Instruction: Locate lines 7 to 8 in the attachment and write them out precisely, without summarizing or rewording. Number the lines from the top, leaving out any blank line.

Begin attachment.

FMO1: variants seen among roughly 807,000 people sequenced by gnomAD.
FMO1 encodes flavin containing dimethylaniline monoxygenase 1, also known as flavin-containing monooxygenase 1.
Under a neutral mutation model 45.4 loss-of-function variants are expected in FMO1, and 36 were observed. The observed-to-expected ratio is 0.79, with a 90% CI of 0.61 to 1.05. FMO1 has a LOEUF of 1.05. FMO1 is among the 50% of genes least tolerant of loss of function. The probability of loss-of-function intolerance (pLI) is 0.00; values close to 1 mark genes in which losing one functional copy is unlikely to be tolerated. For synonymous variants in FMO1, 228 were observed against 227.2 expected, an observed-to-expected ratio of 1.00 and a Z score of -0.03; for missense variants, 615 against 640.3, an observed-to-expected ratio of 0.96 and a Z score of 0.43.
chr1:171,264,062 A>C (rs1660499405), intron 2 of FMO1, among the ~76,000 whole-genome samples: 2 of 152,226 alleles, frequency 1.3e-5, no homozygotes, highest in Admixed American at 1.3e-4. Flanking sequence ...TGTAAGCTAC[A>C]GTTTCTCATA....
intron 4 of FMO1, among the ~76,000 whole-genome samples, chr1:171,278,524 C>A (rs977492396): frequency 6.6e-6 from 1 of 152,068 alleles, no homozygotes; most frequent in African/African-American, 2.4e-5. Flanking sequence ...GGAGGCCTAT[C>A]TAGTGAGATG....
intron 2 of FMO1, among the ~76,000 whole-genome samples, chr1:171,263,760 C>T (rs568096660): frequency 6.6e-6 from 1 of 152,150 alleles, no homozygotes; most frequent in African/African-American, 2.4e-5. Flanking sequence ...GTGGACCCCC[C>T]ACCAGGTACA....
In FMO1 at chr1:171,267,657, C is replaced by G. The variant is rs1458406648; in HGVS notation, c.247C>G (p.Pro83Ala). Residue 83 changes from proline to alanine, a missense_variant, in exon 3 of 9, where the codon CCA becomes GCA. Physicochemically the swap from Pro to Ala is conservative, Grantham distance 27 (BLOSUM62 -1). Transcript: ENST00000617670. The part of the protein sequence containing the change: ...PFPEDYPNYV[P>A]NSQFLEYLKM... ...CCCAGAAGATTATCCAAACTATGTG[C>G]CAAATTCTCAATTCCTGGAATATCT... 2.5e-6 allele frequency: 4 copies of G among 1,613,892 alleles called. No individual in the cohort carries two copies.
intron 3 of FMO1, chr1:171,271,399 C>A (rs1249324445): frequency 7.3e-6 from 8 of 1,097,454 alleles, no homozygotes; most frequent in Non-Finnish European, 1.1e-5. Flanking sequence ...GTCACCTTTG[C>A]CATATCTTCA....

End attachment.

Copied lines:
In FMO1 at chr1:171,267,657, C is replaced by G. The variant is rs1458406648; in HGVS notation, c.247C>G (p.Pro83Ala). Residue 83 changes from proline to alanine, a missense_variant, in exon 3 of 9, where the codon CCA becomes GCA. Physicochemically the swap from Pro to Ala is conservative, Grantham distance 27 (BLOSUM62 -1). Transcript: ENST00000617670. The part of the protein sequence containing the change: ...PFPEDYPNYV[P>A]NSQFLEYLKM... ...CCCAGAAGATTATCCAAACTATGTG[C>G]CAAATTCTCAATTCCTGGAATATCT... 2.5e-6 allele frequency: 4 copies of G among 1,613,892 alleles called. No individual in the cohort carries two copies.
intron 3 of FMO1, chr1:171,271,399 C>A (rs1249324445): frequency 7.3e-6 from 8 of 1,097,454 alleles, no homozygotes; most frequent in Non-Finnish European, 1.1e-5. Flanking sequence ...GTCACCTTTG[C>A]CATATCTTCA....